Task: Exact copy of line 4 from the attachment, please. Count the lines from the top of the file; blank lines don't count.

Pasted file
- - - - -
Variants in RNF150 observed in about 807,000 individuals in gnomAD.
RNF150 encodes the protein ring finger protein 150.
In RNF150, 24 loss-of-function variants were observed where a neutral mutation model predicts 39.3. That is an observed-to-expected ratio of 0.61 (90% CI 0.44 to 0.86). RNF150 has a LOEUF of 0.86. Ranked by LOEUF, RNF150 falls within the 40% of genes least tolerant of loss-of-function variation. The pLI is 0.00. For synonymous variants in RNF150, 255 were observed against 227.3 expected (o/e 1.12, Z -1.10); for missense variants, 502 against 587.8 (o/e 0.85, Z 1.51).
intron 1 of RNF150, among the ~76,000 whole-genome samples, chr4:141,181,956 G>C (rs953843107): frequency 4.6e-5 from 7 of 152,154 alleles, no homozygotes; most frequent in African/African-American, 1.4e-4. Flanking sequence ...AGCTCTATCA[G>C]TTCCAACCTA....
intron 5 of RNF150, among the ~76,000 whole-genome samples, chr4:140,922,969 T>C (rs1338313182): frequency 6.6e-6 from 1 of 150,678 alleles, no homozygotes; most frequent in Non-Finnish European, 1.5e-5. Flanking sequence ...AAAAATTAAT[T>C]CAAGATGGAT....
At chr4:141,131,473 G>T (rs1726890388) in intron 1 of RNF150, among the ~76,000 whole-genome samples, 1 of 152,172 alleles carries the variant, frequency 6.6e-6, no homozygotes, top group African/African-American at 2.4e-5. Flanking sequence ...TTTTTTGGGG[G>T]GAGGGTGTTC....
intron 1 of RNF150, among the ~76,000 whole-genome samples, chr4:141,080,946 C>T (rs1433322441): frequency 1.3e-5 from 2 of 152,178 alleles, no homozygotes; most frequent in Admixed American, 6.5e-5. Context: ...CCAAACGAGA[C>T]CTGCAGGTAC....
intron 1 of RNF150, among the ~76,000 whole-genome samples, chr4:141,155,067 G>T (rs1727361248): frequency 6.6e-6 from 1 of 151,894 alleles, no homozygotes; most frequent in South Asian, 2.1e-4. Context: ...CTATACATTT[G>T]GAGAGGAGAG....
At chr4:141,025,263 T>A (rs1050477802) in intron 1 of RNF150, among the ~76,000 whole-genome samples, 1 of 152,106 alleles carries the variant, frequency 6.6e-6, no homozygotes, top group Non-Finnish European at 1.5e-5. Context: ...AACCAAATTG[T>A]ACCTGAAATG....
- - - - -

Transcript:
intron 1 of RNF150, among the ~76,000 whole-genome samples, chr4:141,181,956 G>C (rs953843107): frequency 4.6e-5 from 7 of 152,154 alleles, no homozygotes; most frequent in African/African-American, 1.4e-4. Flanking sequence ...AGCTCTATCA[G>C]TTCCAACCTA....